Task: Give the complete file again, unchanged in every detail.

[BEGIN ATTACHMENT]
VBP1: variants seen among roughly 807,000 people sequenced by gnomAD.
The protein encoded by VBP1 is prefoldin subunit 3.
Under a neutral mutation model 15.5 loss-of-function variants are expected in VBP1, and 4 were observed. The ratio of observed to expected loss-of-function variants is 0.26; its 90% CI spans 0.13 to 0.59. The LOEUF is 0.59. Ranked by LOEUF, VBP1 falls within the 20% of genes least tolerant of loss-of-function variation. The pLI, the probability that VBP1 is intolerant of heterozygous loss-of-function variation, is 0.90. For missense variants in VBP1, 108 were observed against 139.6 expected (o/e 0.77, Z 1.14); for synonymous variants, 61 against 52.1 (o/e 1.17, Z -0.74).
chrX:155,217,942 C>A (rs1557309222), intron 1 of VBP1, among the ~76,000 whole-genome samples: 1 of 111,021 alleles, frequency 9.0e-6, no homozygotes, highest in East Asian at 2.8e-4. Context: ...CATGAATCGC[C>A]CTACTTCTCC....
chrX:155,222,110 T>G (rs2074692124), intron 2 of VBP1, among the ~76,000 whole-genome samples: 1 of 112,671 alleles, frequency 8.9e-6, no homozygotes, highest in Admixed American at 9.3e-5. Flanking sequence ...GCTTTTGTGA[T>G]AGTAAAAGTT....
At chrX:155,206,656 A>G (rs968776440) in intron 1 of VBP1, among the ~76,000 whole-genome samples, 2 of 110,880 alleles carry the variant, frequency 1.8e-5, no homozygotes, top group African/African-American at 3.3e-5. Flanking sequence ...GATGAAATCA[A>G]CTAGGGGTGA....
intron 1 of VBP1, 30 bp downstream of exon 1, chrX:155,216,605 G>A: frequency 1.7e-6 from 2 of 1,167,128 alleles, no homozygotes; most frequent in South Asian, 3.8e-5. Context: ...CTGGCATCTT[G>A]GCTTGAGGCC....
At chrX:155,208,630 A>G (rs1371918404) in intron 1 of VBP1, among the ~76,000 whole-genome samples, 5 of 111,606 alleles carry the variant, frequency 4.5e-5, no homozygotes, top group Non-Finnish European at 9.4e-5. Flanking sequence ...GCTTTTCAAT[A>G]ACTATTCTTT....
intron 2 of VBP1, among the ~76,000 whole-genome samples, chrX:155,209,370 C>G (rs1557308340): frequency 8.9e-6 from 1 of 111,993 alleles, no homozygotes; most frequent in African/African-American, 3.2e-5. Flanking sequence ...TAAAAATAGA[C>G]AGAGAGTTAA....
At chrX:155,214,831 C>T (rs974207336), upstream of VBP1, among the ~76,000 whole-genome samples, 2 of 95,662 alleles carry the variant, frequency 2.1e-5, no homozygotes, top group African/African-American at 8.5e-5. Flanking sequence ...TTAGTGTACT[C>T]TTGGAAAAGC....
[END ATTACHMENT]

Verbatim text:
VBP1: variants seen among roughly 807,000 people sequenced by gnomAD.
The protein encoded by VBP1 is prefoldin subunit 3.
Under a neutral mutation model 15.5 loss-of-function variants are expected in VBP1, and 4 were observed. The ratio of observed to expected loss-of-function variants is 0.26; its 90% CI spans 0.13 to 0.59. The LOEUF is 0.59. Ranked by LOEUF, VBP1 falls within the 20% of genes least tolerant of loss-of-function variation. The pLI, the probability that VBP1 is intolerant of heterozygous loss-of-function variation, is 0.90. For missense variants in VBP1, 108 were observed against 139.6 expected (o/e 0.77, Z 1.14); for synonymous variants, 61 against 52.1 (o/e 1.17, Z -0.74).
chrX:155,217,942 C>A (rs1557309222), intron 1 of VBP1, among the ~76,000 whole-genome samples: 1 of 111,021 alleles, frequency 9.0e-6, no homozygotes, highest in East Asian at 2.8e-4. Context: ...CATGAATCGC[C>A]CTACTTCTCC....
chrX:155,222,110 T>G (rs2074692124), intron 2 of VBP1, among the ~76,000 whole-genome samples: 1 of 112,671 alleles, frequency 8.9e-6, no homozygotes, highest in Admixed American at 9.3e-5. Flanking sequence ...GCTTTTGTGA[T>G]AGTAAAAGTT....
At chrX:155,206,656 A>G (rs968776440) in intron 1 of VBP1, among the ~76,000 whole-genome samples, 2 of 110,880 alleles carry the variant, frequency 1.8e-5, no homozygotes, top group African/African-American at 3.3e-5. Flanking sequence ...GATGAAATCA[A>G]CTAGGGGTGA....
intron 1 of VBP1, 30 bp downstream of exon 1, chrX:155,216,605 G>A: frequency 1.7e-6 from 2 of 1,167,128 alleles, no homozygotes; most frequent in South Asian, 3.8e-5. Context: ...CTGGCATCTT[G>A]GCTTGAGGCC....
At chrX:155,208,630 A>G (rs1371918404) in intron 1 of VBP1, among the ~76,000 whole-genome samples, 5 of 111,606 alleles carry the variant, frequency 4.5e-5, no homozygotes, top group Non-Finnish European at 9.4e-5. Flanking sequence ...GCTTTTCAAT[A>G]ACTATTCTTT....
intron 2 of VBP1, among the ~76,000 whole-genome samples, chrX:155,209,370 C>G (rs1557308340): frequency 8.9e-6 from 1 of 111,993 alleles, no homozygotes; most frequent in African/African-American, 3.2e-5. Flanking sequence ...TAAAAATAGA[C>G]AGAGAGTTAA....
At chrX:155,214,831 C>T (rs974207336), upstream of VBP1, among the ~76,000 whole-genome samples, 2 of 95,662 alleles carry the variant, frequency 2.1e-5, no homozygotes, top group African/African-American at 8.5e-5. Flanking sequence ...TTAGTGTACT[C>T]TTGGAAAAGC....